To cut a long story short, by today it started on its own, I even filled up with petrol. Hurrah.

Being a woman here, as well as a foreigner, doesn't help in this macho culture, in the area of cars. In the UK the 'sexism' usually worked in my favour, and I got quite a lot of free help and time from garages. I didn't milk it or ask for it, they obviously just pitied my incompetence. Here it i s absolutely taken as read that you know nothing (about cars) because you're a woman, (a fair assumption in my case, but I can bandy a few terms around, though not in Albanian, so that life skill has gone by the board here) which also means you're rich pickings for being ripped off.

However at the tyre place on Monday, getting my tyre repaired, I got chatted up by a customer, & the mechanic didn't rip me off, but was incredibly helpful. So I shouldn't make generalisations. (Though it was Albanian women who warned me of this). Anyway I was far more concerned about keeping MY eye on another customer who had come in with his moped with a flat tyre, who had a revolver stuck into his jeans, for all to see.

I was amazed, I have met loads of people out in the country carrying shotguns and rifles, & you can hear shooting at night in certain areas at times, but a civilian, in the middle of Tirana with a gun??

My husband shrugged and said:

'Well that's what it's like in America, the right to bear arms' etc. I guess I must be very naive. I had no idea you could just take your gun everywhere with you quite legitimately in America. Is that really true? One way of ensuring you get a good service at the garage I suppose.

Thursday, October 2, 2008


That's the key to living abroad I think, being resourceful. Practical, handy, calm and collected probably also help too, as does knowing more than a smattering of the local language. I really do feel so helpless. I don't know how long it will be before I can string a whole sentence (with a verb) together, let alone understand the response I get. So I have to ask for help. (from the 4 people I know well enough to ask) It's good for the Western independent spirit I guess. I feel so utterly dependent on others here. Personally I find it quite humiliating at times, but that's probably just my perspective. Perhaps humbling would be a more positive turn of phrase.

The other thing you need is LOTS of equipment, like our landlord having a whole spare car battery, a pump run off the cigarette lighter to pump up tyres, and every tool and gadget under the sun, because basically you need to fix everything yourself. I'm not sure why this is, we're in a capital city. There just seem to be very few service industries. And workmen generally do an incredibly shoddy job (as we have found out, and Albanians have agreed). The other issue is a truism I have heard again and again, that it is very hard to find things out in Tirana, where to buy certain things, where to get a tyre pumped up, where to get a good hair cut, where to buy tickets etc. And believe me I have tried all of these and more.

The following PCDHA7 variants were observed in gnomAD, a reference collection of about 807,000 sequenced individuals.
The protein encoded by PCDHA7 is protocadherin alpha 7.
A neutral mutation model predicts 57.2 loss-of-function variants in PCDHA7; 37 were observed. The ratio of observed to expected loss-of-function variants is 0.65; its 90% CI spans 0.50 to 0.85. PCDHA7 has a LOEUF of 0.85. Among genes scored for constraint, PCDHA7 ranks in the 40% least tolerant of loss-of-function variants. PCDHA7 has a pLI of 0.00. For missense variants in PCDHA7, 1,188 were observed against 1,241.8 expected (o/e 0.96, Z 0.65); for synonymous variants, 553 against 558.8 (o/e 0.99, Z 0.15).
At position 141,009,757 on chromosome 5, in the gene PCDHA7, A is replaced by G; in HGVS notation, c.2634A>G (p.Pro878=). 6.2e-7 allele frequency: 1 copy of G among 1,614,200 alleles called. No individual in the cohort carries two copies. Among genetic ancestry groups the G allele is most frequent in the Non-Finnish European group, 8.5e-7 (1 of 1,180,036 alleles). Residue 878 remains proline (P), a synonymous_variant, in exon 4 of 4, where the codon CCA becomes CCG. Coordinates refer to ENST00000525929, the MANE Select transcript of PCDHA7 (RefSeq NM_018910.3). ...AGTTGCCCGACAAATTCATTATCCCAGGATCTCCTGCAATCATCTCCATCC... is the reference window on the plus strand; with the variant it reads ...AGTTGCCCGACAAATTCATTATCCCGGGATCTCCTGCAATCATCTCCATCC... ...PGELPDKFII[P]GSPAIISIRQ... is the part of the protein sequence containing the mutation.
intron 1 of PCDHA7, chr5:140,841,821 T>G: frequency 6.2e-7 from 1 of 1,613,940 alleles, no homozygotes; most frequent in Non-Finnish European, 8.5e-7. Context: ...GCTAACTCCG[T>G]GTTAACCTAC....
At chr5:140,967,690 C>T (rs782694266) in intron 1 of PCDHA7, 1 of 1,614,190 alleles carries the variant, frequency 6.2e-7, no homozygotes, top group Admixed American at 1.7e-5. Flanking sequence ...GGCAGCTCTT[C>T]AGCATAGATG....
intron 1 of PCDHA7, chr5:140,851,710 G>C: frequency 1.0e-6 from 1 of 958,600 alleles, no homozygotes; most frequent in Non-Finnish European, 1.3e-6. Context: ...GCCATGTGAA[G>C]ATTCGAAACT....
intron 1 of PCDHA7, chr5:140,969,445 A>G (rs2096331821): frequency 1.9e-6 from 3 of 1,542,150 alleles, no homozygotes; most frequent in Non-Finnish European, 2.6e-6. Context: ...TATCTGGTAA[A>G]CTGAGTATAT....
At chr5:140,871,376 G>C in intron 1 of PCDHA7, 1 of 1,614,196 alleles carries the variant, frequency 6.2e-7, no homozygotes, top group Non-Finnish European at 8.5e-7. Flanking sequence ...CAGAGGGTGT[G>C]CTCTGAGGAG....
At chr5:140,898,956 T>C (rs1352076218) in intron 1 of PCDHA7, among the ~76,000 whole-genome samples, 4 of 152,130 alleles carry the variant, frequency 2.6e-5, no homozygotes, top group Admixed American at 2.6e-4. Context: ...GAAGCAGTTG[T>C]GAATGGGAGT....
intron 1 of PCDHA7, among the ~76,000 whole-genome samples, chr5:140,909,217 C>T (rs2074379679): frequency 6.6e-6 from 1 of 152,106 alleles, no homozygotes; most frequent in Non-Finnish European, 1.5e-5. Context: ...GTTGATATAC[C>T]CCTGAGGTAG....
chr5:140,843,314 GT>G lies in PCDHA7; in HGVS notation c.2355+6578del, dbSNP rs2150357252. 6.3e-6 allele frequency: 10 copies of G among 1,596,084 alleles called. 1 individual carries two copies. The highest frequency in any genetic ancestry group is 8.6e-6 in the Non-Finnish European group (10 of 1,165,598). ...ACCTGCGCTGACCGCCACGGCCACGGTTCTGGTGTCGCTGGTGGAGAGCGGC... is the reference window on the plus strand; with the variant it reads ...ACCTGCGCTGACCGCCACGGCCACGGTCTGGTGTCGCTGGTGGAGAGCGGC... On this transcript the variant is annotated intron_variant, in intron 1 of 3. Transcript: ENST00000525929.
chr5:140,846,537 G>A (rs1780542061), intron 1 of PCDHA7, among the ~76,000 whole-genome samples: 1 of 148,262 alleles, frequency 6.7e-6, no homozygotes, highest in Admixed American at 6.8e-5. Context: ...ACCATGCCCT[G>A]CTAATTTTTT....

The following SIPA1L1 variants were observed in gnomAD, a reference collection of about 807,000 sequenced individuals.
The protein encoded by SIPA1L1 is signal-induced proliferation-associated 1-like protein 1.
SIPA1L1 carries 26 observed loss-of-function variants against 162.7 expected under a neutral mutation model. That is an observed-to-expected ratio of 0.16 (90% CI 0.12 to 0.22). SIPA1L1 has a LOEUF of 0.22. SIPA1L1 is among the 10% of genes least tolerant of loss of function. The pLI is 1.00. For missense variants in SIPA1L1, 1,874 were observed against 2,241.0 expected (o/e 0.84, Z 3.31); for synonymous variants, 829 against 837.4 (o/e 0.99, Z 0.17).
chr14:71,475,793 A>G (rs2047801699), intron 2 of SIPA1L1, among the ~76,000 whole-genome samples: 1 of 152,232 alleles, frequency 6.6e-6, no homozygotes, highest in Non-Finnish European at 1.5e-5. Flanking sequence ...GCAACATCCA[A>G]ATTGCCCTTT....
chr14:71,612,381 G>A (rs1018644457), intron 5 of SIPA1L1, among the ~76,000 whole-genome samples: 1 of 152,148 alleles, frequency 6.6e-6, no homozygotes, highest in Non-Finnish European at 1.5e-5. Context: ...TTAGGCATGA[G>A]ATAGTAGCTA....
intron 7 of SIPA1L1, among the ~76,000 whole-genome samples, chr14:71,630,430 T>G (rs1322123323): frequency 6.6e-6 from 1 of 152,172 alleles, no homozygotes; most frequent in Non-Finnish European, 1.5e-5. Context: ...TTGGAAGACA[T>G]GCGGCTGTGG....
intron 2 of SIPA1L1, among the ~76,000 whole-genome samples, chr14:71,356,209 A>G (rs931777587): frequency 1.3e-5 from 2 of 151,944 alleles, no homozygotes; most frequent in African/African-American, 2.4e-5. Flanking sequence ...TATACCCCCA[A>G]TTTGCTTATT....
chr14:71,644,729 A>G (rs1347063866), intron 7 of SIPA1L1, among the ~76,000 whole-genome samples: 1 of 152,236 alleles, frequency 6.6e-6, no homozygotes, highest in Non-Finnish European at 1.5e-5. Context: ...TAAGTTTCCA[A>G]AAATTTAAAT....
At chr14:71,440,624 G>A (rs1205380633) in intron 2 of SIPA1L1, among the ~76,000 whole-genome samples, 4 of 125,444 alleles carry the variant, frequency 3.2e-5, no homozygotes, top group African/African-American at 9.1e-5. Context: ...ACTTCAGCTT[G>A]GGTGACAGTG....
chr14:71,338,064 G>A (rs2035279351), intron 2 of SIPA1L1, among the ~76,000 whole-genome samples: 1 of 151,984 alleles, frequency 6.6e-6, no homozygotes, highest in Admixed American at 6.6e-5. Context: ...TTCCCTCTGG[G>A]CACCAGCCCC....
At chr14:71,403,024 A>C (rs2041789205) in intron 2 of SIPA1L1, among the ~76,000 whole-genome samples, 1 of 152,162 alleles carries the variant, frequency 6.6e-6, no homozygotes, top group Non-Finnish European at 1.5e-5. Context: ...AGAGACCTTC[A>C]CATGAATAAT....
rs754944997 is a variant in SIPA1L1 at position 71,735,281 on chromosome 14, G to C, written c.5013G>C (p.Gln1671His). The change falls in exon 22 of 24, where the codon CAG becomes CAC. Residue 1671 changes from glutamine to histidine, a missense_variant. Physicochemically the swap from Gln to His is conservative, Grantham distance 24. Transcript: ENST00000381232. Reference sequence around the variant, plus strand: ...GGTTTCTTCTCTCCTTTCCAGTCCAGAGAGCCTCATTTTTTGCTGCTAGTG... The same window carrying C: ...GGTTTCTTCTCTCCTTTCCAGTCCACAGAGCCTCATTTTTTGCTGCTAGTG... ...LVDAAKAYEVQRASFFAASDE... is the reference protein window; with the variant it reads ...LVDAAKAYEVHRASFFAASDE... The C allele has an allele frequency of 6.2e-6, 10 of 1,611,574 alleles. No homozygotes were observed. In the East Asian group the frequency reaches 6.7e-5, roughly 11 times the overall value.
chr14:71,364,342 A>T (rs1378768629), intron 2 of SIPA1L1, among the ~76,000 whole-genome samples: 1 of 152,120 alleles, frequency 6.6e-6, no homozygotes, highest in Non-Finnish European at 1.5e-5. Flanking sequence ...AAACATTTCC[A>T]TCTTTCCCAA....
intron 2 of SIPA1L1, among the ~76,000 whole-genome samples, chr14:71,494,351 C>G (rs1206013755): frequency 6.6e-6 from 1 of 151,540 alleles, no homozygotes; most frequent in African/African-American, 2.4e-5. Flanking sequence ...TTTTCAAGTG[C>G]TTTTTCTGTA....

The other problem is when you have been married for donkeys years, well 17, you do get used to your spouse doing certain things. Or you may never have even done them. I have never done the DIY, M has never done the cooking. I am resourceful in my areas of expertise, I can make curtains, mend clothes, dress-make, cook, decorate, cut my husband's and children's hair; but when it comes to mending bikes, radios, kitchen appliances, cars, using a power drill, then I'm not your woman. Clearly I need to become so though.

Since moving abroad, my husband has made it clear, that sorting any issue with the car, dealing with our U.K house or tenants back home, etc are all my babies now, and he doesn't even want to hear about them because it 's an added stress. Tell me about it.... So if I begin to talk about it he won't listen because he thinks I'm off-loading the problem onto him. Which I guess I am in a way. I'm a desperate woman, totally at sea, in a boat I can't sail.

I was though, feeling quite pleased with my progress and resourcefulness, but living here has a nasty habit of reminding me just how far I still have to go....

My list of acheivements so far:

  1. Removed old door lock from door, Went to electrical market (no English speakers) and bought new door lock. Fitted it. It worked! I had to do this becasue the landlord had still not done anything about it in 3 months.

  2. Broken fridge handle. Unscrewed it, and fitted it to freezer door which is used less often. Put good freezer handle on fridge. Small, but pleasing achievement because it made me realise I could be practical.

  3. Sorted sink U bend problem. Our bendy soft plastic U bend under the sink was too long. The plumber refused to change it saying it was fine. The problem was it draped down into the drawer below and so the drawer couldn't be opened. So I crawled under the sink on my back, 'car mechanic' style (except I didn't have one of those little wheelie boards), clutching a pair of my son's age 6 underpants, and a few safety pins. I cut them and slung them under the U bend, hammock-style, so the pipe was wearing a pair of mini support pants. A few safety pins and 'Bob's your uncle'. It has held the drooping tube in place so the drawer can be opened. That one is my favourite achievement I must admit. Resourceful, practical, thinking outside the box, even involved recycling.